5 housing markets where prices are most likely to fall over the next year, including Miami

  • A recent report by CoreLogic found that national home prices saw a 5.5% year-over-year increase in July.
  • However, with an expected growth in unemployment, CoreLogic expects growth to slow down drastically by July 2021.
  • In the report, CoreLogic breaks down the five metro areas that are most likely to see house prices fall over the next year, and by how much.
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Markets across the country are heating up as the demand for affordable homes soars and supply falls, resulting in a competitive climate and rising prices. 

Over the past several months, real estate has seen suburban, and suburban-like, markets heat up as prospective homeowners seek larger spaces and cheaper prices. Paired with historically low mortgage rates and low inventory, that has made buying a home more competitive than ever in some places.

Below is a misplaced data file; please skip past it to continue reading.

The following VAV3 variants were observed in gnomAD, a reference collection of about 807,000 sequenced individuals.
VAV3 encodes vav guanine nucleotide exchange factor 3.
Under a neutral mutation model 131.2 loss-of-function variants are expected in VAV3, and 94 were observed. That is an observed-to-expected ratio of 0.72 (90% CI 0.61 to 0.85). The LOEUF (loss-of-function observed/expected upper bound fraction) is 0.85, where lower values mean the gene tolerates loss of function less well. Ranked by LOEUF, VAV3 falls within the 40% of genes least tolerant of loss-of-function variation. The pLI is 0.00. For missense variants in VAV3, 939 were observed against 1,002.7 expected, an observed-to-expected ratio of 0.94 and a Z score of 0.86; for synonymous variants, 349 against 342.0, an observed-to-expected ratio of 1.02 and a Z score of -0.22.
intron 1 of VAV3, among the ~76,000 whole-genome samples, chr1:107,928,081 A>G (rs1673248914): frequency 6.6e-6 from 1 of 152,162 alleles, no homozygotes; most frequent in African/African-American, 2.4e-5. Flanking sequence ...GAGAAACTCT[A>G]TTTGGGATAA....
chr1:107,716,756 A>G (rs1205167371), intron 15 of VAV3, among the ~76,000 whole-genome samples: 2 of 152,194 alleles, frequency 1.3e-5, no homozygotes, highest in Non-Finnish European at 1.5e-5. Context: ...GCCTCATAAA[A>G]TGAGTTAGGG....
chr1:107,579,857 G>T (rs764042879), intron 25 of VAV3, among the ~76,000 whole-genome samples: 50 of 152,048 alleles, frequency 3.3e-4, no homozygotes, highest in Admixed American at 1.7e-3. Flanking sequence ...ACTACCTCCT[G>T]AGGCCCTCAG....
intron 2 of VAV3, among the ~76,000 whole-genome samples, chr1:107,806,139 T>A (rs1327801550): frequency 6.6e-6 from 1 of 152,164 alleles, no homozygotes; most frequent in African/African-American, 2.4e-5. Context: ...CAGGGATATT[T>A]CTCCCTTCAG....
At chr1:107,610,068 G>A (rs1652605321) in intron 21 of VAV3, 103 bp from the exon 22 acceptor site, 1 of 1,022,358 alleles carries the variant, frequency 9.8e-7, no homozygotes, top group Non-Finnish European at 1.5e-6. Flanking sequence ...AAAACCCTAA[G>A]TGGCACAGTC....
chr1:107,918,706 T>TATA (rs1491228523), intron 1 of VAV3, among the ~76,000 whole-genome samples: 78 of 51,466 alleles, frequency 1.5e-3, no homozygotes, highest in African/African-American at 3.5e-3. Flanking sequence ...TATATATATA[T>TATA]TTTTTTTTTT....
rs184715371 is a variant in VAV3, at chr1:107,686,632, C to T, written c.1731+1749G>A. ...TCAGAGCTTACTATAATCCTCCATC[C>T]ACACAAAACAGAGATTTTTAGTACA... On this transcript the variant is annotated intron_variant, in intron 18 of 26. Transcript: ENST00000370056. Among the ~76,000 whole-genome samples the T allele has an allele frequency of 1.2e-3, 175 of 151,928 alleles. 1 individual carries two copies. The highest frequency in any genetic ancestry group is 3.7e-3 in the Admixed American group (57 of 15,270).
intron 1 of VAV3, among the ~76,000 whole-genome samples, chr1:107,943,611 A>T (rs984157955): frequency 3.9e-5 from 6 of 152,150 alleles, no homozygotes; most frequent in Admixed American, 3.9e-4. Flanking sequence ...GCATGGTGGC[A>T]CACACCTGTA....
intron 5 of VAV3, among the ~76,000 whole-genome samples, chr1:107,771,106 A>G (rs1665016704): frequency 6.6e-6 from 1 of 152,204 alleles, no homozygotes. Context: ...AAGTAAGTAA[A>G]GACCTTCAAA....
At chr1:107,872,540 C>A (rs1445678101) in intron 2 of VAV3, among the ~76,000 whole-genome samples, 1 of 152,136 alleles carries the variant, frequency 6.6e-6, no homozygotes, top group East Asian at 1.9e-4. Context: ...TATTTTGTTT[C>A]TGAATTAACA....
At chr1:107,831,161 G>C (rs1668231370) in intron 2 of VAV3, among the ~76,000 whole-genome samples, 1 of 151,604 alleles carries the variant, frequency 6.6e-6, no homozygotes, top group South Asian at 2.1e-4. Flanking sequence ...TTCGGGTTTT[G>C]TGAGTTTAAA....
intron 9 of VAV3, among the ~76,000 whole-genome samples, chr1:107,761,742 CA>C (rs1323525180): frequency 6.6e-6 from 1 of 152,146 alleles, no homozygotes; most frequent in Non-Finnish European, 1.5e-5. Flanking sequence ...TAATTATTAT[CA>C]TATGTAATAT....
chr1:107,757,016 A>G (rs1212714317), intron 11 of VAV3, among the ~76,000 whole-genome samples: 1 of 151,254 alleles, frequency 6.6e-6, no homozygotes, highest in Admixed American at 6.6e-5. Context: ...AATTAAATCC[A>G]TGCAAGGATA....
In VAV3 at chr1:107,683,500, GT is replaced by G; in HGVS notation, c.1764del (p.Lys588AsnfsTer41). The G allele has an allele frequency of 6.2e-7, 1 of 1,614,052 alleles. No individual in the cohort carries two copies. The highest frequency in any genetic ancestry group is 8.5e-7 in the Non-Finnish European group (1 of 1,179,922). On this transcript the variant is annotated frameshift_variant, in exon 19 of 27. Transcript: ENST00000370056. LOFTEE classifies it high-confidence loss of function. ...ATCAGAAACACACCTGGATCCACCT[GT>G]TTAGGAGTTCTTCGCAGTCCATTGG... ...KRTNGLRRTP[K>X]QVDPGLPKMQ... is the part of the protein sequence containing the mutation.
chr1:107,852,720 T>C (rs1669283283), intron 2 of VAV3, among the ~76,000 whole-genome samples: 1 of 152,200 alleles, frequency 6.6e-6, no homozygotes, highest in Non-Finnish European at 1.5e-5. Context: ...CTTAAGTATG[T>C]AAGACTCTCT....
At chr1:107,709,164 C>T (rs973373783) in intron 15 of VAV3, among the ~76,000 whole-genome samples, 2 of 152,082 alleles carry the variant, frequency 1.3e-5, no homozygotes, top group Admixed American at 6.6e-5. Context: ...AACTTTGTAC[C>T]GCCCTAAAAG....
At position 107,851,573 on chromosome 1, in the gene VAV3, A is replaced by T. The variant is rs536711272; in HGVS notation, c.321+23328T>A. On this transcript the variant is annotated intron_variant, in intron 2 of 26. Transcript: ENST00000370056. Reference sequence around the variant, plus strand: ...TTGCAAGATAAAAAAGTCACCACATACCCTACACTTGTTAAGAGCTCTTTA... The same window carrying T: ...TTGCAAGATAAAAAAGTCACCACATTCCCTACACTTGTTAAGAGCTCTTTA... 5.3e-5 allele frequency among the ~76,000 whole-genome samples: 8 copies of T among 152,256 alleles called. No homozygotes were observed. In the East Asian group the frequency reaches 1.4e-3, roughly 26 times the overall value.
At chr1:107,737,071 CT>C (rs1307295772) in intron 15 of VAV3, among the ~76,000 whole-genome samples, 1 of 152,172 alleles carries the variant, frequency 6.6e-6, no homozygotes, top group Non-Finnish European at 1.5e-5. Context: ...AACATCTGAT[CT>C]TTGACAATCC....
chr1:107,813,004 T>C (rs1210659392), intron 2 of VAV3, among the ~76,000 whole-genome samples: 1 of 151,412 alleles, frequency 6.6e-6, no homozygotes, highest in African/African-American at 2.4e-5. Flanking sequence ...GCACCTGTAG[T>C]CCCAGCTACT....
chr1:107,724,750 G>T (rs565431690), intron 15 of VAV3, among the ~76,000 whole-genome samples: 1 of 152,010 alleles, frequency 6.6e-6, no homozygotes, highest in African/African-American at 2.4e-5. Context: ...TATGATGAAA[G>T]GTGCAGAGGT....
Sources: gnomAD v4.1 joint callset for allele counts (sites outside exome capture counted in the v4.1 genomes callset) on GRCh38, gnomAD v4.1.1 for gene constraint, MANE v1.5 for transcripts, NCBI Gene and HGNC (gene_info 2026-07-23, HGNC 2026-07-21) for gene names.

A recent report by CoreLogic, called Home Price Insights, found that national home prices in July saw a 5.5% year-over-year increase, the fastest growth rate since August 2018. As CoreLogic explained, the recipe for July's growth includes low inventory, strong purchase demand, and historically low mortgage rates, which fell below 3% for the first time ever.

But the stark increases are expected to simmer. By July 2021, CoreLogic predicts that national home prices will only go up another 0.6% year-over-year.

CoreLogic named five metro areas most likely to see a decline in home prices over the next year: Las Vegas, Nevada; Prescott, Arizona; Lake Charles, Louisiana; Miami, Florida; and Huntington, West Virginia.

CoreLogic's chief economist, Dr. Frank Nothaft, explained to Business Insider that these markets showcase "elevated unemployment and/or home prices that are high relative to income of local residents."

Looking at Miami and Las Vegas, Nothaft pointed out the high level of employment in the hospitality, travel, entertainment, and food service industries, all drastically impacted by the pandemic. As for Lake Charles and Huntington, Nothaft said they have seen a substantial amount of job loss in energy-related fields.

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